# Deleting sub-list that contains duplicates

I have a large list of uniform-length lists. What is an efficient way to delete component lists that contain duplicates? For three-item sub-lists, I have used the following code:

allUnique = DeleteCases[DeleteCases[DeleteCases[listOfThreeItemLists,
{y_,x_,x_}],{x_,y_,x_}],{x_,x_,y_}];


But enumerating all possible pairs for sub-lists of, say, seven items, seems unwieldy. Thoughts?

• Select[listOfThreeItemLists, Signature[#] != 0 &]? Commented Oct 16, 2018 at 18:58
• Select[listOfThreeItemLists, DuplicateFreeQ]? Commented Oct 16, 2018 at 19:01

SeedRandom[1]
listOfThreeItemLists = RandomInteger[5, {10, 3}]


{{4, 2, 4}, {0, 1, 0}, {0, 2, 0}, {0, 3, 5}, {2, 0, 3}, {4, 4, 1}, {3, 3, 4}, {1, 4, 2}, {1, 1, 4}, {5, 4, 5}}

In addition to Select suggested in comments, you can also use:

DeleteCases[listOfThreeItemLists, {___, x_, ___, x_, ___}]
DeleteCases[listOfThreeItemLists, Except[_?DuplicateFreeQ]]
DeleteCases[listOfThreeItemLists, _?(Not[DuplicateFreeQ @ #] &)]
Cases[listOfThreeItemLists, _?DuplicateFreeQ]
Pick[#, DuplicateFreeQ /@ #] & @ listOfThreeItemLists


all give

{{0, 3, 5}, {2, 0, 3}, {1, 4, 2}}

• Thank you! Because this is going to be used in a class where Mathematica is a tool, but not the focus of the class, I'm going with the top item here, which looks the easiest to explain to students. Commented Oct 18, 2018 at 19:33
• @KevinAusman, my pleasure. Thank you for the accept.
– kglr
Commented Oct 18, 2018 at 19:34

You can also use a bit of linear algebra to make this really fast.

SeedRandom[1]
n = 1000000;
m = 3;
data = RandomInteger[10, {n, m}];


Here the timing of a Select-based approach:

a = Select[data, DuplicateFreeQ]; // RepeatedTiming // First


0.68

And here a variant based on linear algebra

b = With[{
A =  Normal[IncidenceMatrix[DirectedEdge @@@ Subsets[Range[m], {2}]]],
u = ConstantArray[1, Binomial[m, 2]]
},
Pick[
data,
Unitize[data.A].u,
Binomial[m, 2]
]
]; // RepeatedTiming // First

a == b


0.050

True

How does this work? Well, for a vector v of length m, the vector v.A contains all differences of elements in v. Unitize[v.A] will replace all nonzero entries with 1. Since u is a vector of ones, Unitize[v.A].u counts the number of pairs of elements in v that are duplicate-free. We can do that for all vectors in the list data at once with Unitize[data.A].u. This way we utilize than matrix-matrix and matrix-vector multiplications are highly optimized on the machine level and that Unitize is also a vectorized (thus highly efficient) function on packed arrays. In the end, we use Pick to pick only those vectors from data that contain a maximal number of duplicate-free pairs (the maximal number is Binomial[m, 2]).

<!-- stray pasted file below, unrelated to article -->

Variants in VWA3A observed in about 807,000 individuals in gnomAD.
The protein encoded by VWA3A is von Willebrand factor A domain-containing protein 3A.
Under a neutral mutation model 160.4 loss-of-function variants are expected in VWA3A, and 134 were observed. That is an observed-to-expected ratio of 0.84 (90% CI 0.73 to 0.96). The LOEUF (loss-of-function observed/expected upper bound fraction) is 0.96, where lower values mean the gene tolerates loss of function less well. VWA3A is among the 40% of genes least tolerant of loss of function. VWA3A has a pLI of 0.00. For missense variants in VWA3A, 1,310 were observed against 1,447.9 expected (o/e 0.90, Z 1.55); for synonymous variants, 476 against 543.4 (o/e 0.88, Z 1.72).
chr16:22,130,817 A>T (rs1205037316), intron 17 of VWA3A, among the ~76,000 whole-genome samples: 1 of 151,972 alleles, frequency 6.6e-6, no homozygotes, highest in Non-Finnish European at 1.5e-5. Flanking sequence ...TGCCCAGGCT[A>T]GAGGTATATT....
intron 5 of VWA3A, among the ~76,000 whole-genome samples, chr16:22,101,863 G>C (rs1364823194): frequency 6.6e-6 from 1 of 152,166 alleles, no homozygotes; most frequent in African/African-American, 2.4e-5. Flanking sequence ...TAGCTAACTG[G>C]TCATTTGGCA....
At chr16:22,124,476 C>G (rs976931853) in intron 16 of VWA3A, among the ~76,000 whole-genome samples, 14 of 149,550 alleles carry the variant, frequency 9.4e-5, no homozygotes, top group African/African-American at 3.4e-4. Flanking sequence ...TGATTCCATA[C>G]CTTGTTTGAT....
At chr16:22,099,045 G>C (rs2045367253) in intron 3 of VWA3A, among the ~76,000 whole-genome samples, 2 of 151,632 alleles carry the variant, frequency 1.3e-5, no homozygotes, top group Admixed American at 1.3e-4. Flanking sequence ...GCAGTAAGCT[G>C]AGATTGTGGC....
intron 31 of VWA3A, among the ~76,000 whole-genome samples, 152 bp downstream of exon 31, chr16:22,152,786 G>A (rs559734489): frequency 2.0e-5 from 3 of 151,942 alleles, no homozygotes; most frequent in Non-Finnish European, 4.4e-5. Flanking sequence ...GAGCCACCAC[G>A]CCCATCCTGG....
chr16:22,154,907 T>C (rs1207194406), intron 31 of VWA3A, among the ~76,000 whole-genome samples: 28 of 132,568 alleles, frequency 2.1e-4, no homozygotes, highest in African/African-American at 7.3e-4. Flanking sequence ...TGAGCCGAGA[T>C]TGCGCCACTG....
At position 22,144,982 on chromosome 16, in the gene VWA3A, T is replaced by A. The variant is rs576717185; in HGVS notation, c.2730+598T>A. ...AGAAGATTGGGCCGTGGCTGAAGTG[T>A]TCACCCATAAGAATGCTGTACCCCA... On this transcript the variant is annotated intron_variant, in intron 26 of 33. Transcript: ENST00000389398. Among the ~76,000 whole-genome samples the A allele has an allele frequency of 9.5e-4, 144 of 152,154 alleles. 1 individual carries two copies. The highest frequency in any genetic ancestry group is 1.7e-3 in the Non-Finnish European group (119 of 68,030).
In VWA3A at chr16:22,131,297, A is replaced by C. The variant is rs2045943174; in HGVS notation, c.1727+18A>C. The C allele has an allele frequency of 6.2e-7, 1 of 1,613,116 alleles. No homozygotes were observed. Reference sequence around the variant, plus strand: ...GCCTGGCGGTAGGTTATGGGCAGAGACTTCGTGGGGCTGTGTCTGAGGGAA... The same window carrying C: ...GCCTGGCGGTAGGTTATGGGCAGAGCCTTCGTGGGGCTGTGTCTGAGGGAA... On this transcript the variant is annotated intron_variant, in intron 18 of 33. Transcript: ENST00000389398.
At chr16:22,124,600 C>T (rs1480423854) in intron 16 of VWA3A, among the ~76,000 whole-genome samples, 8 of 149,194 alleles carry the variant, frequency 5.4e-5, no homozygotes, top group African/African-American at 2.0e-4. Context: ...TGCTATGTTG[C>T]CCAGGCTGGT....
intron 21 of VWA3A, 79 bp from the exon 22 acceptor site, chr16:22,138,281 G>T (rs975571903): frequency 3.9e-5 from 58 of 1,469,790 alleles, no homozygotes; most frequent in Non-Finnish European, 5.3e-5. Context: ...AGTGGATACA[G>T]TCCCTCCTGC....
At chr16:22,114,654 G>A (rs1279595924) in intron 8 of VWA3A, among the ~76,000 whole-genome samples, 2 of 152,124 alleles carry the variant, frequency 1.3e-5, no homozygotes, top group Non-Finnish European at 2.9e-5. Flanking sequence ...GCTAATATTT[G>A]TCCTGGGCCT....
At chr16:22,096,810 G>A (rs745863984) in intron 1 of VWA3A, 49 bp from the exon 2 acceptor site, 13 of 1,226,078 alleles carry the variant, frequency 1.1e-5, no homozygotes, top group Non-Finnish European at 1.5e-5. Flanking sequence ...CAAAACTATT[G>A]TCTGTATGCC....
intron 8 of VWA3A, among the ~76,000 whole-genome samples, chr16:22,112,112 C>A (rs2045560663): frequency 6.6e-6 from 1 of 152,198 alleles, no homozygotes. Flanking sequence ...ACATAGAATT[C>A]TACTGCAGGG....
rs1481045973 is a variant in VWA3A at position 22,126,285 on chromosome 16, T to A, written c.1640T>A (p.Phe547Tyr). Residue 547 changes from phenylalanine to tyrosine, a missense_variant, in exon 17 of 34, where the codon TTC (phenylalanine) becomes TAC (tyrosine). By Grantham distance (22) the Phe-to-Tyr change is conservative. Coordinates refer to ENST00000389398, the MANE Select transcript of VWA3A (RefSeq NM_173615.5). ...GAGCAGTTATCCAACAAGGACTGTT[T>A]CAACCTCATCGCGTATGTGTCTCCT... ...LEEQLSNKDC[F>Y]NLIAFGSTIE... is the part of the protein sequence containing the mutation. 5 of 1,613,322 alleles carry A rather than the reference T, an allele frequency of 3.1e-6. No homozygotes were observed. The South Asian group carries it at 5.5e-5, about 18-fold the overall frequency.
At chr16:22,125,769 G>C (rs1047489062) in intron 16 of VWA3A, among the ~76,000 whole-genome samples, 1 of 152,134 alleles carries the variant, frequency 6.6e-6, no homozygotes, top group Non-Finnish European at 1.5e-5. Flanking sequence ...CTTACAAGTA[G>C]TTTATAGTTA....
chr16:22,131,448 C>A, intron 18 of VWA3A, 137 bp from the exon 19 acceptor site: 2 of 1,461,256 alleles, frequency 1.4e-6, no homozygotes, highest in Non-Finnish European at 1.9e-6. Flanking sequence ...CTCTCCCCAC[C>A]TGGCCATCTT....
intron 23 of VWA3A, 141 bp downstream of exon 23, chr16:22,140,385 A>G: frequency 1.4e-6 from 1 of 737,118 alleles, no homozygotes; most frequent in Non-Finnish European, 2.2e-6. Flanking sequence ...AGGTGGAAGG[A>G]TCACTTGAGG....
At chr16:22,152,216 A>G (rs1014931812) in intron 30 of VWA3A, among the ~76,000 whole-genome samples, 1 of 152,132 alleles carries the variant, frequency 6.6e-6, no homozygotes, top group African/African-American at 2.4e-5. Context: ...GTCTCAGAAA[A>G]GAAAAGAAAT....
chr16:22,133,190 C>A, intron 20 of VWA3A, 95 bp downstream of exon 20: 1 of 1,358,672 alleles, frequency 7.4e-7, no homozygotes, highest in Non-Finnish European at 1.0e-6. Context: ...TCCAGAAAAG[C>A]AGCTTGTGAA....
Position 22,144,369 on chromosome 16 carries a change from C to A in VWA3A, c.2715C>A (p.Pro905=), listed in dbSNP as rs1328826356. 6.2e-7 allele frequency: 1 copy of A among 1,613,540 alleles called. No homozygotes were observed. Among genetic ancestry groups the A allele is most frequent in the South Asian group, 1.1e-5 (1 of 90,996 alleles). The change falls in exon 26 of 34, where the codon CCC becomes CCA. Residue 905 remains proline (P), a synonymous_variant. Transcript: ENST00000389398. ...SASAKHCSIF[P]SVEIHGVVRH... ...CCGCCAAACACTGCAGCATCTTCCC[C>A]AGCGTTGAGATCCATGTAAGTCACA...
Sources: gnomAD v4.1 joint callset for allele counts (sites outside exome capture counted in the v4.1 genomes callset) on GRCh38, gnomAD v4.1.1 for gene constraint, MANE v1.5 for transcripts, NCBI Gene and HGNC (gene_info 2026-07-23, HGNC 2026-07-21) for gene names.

This works also for larger m but the performance boost in comparison to Select+DuplicateFreeQ will decay quite qickly; starting with m = 10, Select+DuplicateFreeQ is faster on my machine. Some reasons for this are that the size of the matrix A grows quadratically in m and that DuplicateFreeQ can short-circuit when it finds the fist duplicate in a vector. Morever, there is potential to use a binary search tree for the implementation of DuplicateFreeQ so that DuplicateFreeQ might have runtime $$O(m \log(m))$$ instead of $$m^2$$...

nonduplist[list_?MatrixQ] := Extract[
list,
Join @@ (Position[list, #] & /@ Intersection[
list,
Permutations[DeleteDuplicates@Level[list, {-1}], {Length@list[[1]]}]
]) // Sort
]


A few examples

nonduplist@{{a, a, b}, {c, b, a}, {a, b, c}, {b, a, a}, {a, b, a}}


{{c, b, a}, {a, b, c}}

And to replicate @kglr's result

SeedRandom[1]; nonduplist@RandomInteger[5, {10, 3}]


{{0, 3, 5}, {2, 0, 3}, {1, 4, 2}}